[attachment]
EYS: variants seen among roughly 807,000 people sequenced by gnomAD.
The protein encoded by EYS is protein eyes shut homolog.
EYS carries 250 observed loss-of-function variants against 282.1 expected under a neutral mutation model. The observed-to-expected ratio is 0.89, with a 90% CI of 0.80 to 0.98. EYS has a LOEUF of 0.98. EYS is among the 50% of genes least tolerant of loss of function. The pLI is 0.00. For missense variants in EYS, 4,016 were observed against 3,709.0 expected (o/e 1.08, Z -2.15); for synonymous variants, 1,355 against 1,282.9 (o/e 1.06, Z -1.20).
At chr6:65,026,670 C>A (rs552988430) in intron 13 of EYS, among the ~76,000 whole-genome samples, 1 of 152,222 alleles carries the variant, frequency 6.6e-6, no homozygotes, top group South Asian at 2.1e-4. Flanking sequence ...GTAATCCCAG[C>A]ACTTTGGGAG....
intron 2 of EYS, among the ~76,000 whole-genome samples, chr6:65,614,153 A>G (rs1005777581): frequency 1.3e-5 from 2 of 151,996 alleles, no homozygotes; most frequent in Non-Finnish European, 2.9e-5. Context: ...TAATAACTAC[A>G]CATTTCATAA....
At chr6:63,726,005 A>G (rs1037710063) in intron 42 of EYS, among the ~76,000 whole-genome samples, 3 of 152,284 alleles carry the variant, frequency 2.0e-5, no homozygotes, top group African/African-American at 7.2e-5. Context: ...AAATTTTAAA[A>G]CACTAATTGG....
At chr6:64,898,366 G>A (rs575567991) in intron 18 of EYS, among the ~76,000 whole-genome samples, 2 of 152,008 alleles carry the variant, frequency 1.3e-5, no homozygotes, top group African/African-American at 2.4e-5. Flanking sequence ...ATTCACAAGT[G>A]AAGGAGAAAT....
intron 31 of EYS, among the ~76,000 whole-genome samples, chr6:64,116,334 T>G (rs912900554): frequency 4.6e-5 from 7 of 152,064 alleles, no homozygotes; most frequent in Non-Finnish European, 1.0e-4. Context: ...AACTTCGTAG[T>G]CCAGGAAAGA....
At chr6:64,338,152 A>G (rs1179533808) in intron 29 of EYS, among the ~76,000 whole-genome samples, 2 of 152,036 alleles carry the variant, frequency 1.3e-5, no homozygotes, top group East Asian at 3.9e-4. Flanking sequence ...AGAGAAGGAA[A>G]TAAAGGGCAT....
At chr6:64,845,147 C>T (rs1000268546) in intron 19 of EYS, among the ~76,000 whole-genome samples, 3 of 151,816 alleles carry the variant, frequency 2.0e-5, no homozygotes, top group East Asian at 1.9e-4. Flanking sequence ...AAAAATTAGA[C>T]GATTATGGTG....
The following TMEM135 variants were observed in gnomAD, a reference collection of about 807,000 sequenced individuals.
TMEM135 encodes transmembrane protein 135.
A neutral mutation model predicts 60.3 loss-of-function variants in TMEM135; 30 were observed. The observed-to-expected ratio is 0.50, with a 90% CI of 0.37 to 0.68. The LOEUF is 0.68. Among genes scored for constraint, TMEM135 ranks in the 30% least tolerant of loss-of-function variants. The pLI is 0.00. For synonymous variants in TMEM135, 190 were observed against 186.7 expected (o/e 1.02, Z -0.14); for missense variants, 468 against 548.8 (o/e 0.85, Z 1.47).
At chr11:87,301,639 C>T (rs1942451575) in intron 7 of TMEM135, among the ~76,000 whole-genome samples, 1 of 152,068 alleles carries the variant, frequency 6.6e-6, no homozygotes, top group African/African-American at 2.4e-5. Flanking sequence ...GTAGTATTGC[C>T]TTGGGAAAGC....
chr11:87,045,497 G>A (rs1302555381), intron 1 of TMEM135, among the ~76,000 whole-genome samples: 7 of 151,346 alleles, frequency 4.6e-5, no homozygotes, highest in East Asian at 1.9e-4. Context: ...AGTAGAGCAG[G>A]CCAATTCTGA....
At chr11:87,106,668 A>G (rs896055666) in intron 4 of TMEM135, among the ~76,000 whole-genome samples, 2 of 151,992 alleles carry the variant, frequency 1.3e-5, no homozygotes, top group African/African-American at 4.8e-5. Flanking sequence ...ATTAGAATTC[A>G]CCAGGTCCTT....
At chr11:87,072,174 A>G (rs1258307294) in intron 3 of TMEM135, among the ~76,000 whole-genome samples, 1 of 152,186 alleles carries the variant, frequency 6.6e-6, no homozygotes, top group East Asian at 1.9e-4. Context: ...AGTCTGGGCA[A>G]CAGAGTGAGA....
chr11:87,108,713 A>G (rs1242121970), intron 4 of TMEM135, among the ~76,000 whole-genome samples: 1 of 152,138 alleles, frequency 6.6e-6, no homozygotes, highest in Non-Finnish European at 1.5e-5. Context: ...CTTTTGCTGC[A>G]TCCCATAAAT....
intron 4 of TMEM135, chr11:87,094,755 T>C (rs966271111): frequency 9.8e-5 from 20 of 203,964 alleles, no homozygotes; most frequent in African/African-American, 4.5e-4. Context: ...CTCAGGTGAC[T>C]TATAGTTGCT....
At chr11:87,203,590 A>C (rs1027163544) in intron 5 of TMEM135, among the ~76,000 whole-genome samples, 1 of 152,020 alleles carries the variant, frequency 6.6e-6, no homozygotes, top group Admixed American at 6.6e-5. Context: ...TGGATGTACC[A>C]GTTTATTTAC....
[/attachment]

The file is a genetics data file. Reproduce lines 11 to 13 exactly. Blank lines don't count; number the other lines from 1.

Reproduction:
The following TMEM135 variants were observed in gnomAD, a reference collection of about 807,000 sequenced individuals.
TMEM135 encodes transmembrane protein 135.
A neutral mutation model predicts 60.3 loss-of-function variants in TMEM135; 30 were observed. The observed-to-expected ratio is 0.50, with a 90% CI of 0.37 to 0.68. The LOEUF is 0.68. Among genes scored for constraint, TMEM135 ranks in the 30% least tolerant of loss-of-function variants. The pLI is 0.00. For synonymous variants in TMEM135, 190 were observed against 186.7 expected (o/e 1.02, Z -0.14); for missense variants, 468 against 548.8 (o/e 0.85, Z 1.47).